A Washington state judge has rejected Comcast’s bid to throw out a $100 million suit filed against it by the local Attorney General’s office.
Rendering his ruling just before the holidays, King County Superior Court Judge Timothy Bradshaw denied the company’s motion to dismiss the case in a one-page ruling. Comcast had called Attorney General Bob Ferguson’s lawsuit a “profound mischaracterization of Comcast’s actual business practices” in its motion to dismiss the case.
It was a key roadblock to the case actually going to a trial, which would begin on July 31. The news comes courtesy of Geekwire, which has been closely tracking the case.
“As we’ve said, this lawsuit fails to demonstrate violations of the Washington Consumer Protection Act,” said Beth Hester, VP of external affairs for Comcast in Washington. “We continue to believe the claims have no basis in either law or fact, and we look forward to proving that as we move forward with this case. With over 99% of all repair calls resolved at no charge to customers, our Service Protection Plan has covered millions of dollars in service call fees that they otherwise would have had to pay—and the Attorney General’s lawsuit acknowledges our customers have saved millions of dollars in avoided service charges.”
Ferguson’s office filed the suit in August. And in October, Comcast asked Judge Bradshaw to throw it out, which didn’t happen.
Ferguson and his team say Comcast violated the state Consumer Protection Act on 1.8 million occasions, promoting a $4.99-a-month service protection plan that offered far less coverage than advertised.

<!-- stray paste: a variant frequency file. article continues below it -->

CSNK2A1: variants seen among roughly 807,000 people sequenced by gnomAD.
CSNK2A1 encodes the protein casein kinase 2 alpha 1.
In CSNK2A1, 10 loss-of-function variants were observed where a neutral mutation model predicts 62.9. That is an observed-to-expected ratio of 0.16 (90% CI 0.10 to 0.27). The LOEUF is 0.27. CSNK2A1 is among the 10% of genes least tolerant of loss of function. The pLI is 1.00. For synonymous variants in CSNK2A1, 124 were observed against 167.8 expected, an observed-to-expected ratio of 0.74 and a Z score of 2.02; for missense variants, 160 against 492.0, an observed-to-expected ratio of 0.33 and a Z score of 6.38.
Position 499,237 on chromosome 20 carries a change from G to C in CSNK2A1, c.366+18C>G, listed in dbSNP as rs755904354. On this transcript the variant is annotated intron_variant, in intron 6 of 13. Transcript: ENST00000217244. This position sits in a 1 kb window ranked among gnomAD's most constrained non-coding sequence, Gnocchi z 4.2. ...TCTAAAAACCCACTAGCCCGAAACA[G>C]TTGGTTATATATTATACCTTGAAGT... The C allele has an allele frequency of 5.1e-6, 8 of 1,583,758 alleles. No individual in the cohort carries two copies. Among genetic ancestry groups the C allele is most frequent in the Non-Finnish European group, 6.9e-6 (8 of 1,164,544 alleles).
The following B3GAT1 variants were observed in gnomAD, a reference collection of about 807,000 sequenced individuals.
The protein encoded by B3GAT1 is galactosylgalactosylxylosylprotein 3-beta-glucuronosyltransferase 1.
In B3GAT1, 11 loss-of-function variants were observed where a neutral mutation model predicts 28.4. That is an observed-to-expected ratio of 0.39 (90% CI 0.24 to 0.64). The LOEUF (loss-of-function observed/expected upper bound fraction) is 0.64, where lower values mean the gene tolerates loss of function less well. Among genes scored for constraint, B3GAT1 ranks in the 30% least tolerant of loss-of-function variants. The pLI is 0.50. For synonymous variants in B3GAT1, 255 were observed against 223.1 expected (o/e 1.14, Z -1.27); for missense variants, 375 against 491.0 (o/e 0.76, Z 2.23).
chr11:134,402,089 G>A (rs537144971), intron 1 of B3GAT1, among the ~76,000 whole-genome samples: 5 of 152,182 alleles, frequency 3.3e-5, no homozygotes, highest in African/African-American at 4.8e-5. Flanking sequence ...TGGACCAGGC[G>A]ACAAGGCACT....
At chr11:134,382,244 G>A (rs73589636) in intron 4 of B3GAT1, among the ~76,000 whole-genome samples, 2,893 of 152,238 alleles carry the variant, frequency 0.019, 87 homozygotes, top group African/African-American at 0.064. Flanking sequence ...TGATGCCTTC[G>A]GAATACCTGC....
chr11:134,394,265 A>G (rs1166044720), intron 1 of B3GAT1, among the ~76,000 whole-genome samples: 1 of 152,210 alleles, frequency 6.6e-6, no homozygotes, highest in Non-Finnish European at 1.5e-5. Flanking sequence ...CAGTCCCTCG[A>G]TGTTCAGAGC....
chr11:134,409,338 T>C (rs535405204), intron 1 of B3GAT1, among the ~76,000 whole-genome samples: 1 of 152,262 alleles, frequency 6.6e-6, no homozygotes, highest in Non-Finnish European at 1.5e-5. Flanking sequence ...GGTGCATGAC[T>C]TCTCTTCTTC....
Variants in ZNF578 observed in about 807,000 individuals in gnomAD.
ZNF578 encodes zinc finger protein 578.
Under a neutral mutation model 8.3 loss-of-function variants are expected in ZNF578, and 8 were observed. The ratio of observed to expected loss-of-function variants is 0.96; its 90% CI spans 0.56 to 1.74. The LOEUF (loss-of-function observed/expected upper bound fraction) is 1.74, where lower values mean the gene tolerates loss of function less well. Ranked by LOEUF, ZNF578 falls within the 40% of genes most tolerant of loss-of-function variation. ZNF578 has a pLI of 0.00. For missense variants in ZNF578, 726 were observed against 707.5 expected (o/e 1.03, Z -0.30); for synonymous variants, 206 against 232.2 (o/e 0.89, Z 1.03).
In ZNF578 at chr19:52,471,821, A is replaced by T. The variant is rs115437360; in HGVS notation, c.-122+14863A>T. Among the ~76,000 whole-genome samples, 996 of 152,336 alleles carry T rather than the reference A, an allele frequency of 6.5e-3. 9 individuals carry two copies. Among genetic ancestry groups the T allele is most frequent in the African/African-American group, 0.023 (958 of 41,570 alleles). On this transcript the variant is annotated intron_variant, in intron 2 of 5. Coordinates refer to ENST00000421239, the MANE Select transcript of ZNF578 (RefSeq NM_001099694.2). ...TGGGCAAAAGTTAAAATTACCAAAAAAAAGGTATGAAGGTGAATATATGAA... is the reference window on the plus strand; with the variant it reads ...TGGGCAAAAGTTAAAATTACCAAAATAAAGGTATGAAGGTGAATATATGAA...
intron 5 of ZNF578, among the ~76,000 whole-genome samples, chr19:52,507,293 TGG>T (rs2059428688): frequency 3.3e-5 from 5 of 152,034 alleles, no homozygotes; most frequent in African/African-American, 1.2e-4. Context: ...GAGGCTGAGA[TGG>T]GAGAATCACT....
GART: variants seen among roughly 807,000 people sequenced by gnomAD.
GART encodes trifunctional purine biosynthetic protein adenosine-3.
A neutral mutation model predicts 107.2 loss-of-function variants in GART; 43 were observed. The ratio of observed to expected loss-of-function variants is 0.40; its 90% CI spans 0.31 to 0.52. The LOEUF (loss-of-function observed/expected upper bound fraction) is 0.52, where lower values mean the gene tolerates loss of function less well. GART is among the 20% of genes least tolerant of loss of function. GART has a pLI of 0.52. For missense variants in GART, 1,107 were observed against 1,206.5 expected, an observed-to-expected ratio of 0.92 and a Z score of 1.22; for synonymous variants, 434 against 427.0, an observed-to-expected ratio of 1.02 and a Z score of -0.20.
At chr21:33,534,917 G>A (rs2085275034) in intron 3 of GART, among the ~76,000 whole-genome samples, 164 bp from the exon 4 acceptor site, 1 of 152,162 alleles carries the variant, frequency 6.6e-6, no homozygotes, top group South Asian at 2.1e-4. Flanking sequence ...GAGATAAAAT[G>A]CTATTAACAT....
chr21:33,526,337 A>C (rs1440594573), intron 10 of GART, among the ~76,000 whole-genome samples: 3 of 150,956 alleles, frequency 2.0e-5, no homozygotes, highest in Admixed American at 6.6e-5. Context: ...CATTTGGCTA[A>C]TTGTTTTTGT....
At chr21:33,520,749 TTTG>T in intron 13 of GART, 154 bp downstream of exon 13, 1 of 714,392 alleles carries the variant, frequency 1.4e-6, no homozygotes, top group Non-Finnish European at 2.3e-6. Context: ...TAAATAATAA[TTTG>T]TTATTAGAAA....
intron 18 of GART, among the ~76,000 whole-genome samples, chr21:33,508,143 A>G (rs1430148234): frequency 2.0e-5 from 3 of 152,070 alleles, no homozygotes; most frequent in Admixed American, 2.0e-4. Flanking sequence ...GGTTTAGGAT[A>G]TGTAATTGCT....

The AG said that the plan purported to cover problems with cables inside the home without revealing the plan’s limitations. The AG said around 500,000 state residents paid about $73 million between January 2011 and June 2016 for the allegedly bogus service plan.
“If you say one thing but you provide another, a reasonable person is going to believe the thing that you actually told them is what you are providing,” Washington Assistant Attorney General Daniel Davies said in testimony.
Comcast has assembled an experienced legal team to defend itself, led by former SEC litigation chief Matthew Martens, now working for Washington, D.C., firm WilmerHale. The team also includes Comcast’s lead attorney in Seattle, Mark Bartlett, who spent 25 years in the state’s Attorney General’s office.
For Comcast, the price of losing could be much greater than even $100 million. Violations of the Washington Consumer Protection Act carry a $2,000 fine. Multiply that by 1.8 million and you get a hefty $3.6 billion fine.
Then there’s the potential that other states within Comcast’s footprint could sue over the service protection plan, which has been deployed nationally.